“The question is when did galactic winds come into existence in the Universe? This is an important question because it is related to an important problem in astronomy: How did galaxies and supermassive black holes coevolve?”

What Makes this Discovery so Important?

An Illustration of Galactic Winds (Source: ESA)

Superstorms, otherwise known as galactic winds, aren’t a new phenomenon for our understanding. In fact, this isn’t even the first time a superstorm has been observed by scientists. However, this discovery is significant due to the following reasons;

·      It’s the earliest observed example of a quasar wind phenomenon to date

·      The discovery itself has created a debate around the creation of galaxies and the coevolution theory. 

·      The kinetic energy possessed by these galactic winds is significant enough to shift entire star systems from their original positions to other sections of space within the black hole’s vicinity. 

The above mentioned points hypothesize that these winds may have been the catalysts for birthing entire star systems.

What are Superstorms and why are they Important?

An Artistic Representation of the Quasar Wind caused by The Supermassive Black Hole  (Source: ALMA/ESO/NAOJ/NRAO)

What makes supermassive black holes so unique is their role in creating galaxies. 

Well in order to understand this role, one theory worth mentioning is the coevolution theory. This theory states that the existence of scaling relations like proportionality of mass between the SMBH and its host galaxy show that their presence is not coincidental, but rather that SMBHs and their hosts have a shared evolution.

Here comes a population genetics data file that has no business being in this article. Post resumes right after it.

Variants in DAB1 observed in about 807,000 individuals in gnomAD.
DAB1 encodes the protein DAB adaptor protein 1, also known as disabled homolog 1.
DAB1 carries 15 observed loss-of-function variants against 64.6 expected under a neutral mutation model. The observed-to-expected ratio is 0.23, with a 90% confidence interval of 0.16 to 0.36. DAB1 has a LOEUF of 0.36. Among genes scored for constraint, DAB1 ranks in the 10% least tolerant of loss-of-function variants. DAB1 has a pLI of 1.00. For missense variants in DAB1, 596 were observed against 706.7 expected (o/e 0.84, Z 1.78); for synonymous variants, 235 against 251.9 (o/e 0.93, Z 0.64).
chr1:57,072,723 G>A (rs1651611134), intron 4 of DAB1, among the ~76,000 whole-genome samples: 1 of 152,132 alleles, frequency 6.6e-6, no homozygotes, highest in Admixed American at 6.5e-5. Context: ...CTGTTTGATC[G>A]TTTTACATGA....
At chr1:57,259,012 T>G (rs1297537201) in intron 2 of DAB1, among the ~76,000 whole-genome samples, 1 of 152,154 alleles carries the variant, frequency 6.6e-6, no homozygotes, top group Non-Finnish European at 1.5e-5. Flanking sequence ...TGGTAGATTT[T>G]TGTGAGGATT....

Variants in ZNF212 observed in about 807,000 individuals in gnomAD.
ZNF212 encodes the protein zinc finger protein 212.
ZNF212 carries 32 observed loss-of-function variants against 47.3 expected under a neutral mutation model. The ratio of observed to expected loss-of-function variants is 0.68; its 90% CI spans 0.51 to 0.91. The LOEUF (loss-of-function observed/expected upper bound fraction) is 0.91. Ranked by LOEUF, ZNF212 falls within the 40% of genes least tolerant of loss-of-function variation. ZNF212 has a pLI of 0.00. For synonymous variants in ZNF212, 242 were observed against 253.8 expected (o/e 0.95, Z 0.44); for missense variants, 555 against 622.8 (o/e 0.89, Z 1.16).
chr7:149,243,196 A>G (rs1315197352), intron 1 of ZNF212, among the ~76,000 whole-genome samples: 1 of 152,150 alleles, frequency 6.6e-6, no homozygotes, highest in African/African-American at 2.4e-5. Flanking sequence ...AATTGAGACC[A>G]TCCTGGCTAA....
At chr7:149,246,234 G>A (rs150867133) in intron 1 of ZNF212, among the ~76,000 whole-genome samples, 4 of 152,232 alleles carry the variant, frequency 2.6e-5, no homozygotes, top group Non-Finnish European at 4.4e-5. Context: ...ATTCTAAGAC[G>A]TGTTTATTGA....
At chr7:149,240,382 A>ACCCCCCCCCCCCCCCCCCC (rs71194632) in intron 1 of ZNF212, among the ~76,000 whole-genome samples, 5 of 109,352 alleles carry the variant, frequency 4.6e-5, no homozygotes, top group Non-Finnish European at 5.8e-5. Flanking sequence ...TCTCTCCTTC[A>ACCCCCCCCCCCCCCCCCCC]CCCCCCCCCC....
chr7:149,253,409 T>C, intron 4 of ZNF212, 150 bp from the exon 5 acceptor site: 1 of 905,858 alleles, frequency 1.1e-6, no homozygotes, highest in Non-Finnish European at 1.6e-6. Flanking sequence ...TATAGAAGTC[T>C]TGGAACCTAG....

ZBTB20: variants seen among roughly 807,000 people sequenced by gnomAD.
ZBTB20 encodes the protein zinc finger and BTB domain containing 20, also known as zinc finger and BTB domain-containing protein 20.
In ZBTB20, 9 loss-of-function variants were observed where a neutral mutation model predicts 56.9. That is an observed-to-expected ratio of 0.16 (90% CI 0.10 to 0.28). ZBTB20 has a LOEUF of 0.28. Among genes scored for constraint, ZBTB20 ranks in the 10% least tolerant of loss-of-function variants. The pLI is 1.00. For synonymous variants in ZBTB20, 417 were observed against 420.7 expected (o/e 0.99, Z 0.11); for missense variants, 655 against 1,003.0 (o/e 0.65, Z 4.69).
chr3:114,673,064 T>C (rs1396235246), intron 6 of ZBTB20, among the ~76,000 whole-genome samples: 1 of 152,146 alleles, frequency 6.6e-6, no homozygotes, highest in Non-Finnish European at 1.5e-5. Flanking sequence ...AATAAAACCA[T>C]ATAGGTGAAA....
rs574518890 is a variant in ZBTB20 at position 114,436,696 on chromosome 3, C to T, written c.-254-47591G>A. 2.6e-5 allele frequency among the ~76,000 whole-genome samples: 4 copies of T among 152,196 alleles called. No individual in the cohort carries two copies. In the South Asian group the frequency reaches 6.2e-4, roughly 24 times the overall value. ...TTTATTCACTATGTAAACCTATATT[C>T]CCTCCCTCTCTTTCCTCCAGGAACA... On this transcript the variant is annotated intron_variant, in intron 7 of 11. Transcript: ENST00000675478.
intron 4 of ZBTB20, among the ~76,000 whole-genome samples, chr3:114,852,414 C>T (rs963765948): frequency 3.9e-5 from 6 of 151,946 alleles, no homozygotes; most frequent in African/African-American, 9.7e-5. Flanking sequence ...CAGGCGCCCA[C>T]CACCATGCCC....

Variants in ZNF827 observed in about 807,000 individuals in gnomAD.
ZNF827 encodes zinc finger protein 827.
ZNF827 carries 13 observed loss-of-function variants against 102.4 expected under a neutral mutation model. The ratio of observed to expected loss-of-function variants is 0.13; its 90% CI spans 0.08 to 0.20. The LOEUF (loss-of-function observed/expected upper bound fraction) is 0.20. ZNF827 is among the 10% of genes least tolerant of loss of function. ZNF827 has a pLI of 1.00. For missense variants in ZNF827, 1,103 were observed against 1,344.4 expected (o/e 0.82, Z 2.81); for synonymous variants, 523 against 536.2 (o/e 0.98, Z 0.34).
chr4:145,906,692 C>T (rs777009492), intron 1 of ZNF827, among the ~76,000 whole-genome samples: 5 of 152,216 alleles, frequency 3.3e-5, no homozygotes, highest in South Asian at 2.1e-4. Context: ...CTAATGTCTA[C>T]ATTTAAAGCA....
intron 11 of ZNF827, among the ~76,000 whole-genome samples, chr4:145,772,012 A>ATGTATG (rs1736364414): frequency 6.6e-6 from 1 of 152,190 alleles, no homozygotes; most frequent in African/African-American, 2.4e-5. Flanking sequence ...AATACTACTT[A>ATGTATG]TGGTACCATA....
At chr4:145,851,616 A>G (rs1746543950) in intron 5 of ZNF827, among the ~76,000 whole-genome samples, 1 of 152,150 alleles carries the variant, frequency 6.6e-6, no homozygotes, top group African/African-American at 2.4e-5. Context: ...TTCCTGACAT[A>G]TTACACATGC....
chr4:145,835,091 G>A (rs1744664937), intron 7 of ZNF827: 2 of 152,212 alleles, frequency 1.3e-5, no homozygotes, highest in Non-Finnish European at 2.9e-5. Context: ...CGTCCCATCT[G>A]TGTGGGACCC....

Now let’s break this theory down into simpler terms. According to this theory, a galaxy starts out when a supermassive black hole generates titular superstorms or galactic winds, through a process called stellar feedback, which is the release of huge amounts of energy into space by massive stars. 

Since black holes themselves are a byproduct of a collapsed star, stellar winds are a common property of black holes, and are much more prominent with supermassive black holes. The energy from this stellar feedback is what essentially creates galactic winds.

Next, these powerful winds blow any material and space debris within the black hole’s vicinity to other sections of space surrounding the black hole and forming stars, planets and ultimately creating a new galaxy. Spilker, one of the ALMA researchers that discovered this phenomenon elaborated further on it stating;

“It is not a gentle, constant breeze, but isolated eruptions that expel gas at the same rate at which it would be transformed into new stars”